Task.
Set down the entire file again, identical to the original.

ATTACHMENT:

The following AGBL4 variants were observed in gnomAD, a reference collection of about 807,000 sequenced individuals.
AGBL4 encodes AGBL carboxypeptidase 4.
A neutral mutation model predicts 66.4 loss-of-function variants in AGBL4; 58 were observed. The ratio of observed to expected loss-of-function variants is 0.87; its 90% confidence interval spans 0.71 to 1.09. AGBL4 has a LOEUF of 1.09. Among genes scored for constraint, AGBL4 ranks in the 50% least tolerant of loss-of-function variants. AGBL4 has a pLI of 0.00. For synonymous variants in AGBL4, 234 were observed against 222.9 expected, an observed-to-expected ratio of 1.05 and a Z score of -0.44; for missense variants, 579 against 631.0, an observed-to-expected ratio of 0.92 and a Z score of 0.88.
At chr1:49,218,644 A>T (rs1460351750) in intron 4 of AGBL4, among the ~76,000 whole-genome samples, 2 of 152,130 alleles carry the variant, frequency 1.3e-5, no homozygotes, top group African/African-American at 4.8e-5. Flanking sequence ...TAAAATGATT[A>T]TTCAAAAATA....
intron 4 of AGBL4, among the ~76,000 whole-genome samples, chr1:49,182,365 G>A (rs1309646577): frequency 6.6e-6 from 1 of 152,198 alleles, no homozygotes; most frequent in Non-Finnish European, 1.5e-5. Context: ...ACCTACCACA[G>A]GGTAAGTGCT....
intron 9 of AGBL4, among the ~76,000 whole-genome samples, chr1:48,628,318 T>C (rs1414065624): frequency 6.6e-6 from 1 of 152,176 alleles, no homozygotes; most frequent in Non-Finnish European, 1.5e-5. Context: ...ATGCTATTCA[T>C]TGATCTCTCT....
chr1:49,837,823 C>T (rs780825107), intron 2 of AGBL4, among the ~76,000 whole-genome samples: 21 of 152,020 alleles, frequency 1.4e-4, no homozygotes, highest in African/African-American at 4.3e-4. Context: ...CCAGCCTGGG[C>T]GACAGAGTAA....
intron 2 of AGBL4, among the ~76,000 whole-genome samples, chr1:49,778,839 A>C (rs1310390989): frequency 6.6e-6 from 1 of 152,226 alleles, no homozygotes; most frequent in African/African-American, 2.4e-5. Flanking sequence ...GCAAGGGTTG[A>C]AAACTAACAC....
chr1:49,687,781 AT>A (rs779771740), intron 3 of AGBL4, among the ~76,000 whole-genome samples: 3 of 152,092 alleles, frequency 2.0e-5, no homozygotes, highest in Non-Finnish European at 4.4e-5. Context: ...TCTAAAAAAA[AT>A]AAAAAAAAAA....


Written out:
The following AGBL4 variants were observed in gnomAD, a reference collection of about 807,000 sequenced individuals.
AGBL4 encodes AGBL carboxypeptidase 4.
A neutral mutation model predicts 66.4 loss-of-function variants in AGBL4; 58 were observed. The ratio of observed to expected loss-of-function variants is 0.87; its 90% confidence interval spans 0.71 to 1.09. AGBL4 has a LOEUF of 1.09. Among genes scored for constraint, AGBL4 ranks in the 50% least tolerant of loss-of-function variants. AGBL4 has a pLI of 0.00. For synonymous variants in AGBL4, 234 were observed against 222.9 expected, an observed-to-expected ratio of 1.05 and a Z score of -0.44; for missense variants, 579 against 631.0, an observed-to-expected ratio of 0.92 and a Z score of 0.88.
At chr1:49,218,644 A>T (rs1460351750) in intron 4 of AGBL4, among the ~76,000 whole-genome samples, 2 of 152,130 alleles carry the variant, frequency 1.3e-5, no homozygotes, top group African/African-American at 4.8e-5. Flanking sequence ...TAAAATGATT[A>T]TTCAAAAATA....
intron 4 of AGBL4, among the ~76,000 whole-genome samples, chr1:49,182,365 G>A (rs1309646577): frequency 6.6e-6 from 1 of 152,198 alleles, no homozygotes; most frequent in Non-Finnish European, 1.5e-5. Context: ...ACCTACCACA[G>A]GGTAAGTGCT....
intron 9 of AGBL4, among the ~76,000 whole-genome samples, chr1:48,628,318 T>C (rs1414065624): frequency 6.6e-6 from 1 of 152,176 alleles, no homozygotes; most frequent in Non-Finnish European, 1.5e-5. Context: ...ATGCTATTCA[T>C]TGATCTCTCT....
chr1:49,837,823 C>T (rs780825107), intron 2 of AGBL4, among the ~76,000 whole-genome samples: 21 of 152,020 alleles, frequency 1.4e-4, no homozygotes, highest in African/African-American at 4.3e-4. Context: ...CCAGCCTGGG[C>T]GACAGAGTAA....
intron 2 of AGBL4, among the ~76,000 whole-genome samples, chr1:49,778,839 A>C (rs1310390989): frequency 6.6e-6 from 1 of 152,226 alleles, no homozygotes; most frequent in African/African-American, 2.4e-5. Flanking sequence ...GCAAGGGTTG[A>C]AAACTAACAC....
chr1:49,687,781 AT>A (rs779771740), intron 3 of AGBL4, among the ~76,000 whole-genome samples: 3 of 152,092 alleles, frequency 2.0e-5, no homozygotes, highest in Non-Finnish European at 4.4e-5. Context: ...TCTAAAAAAA[AT>A]AAAAAAAAAA....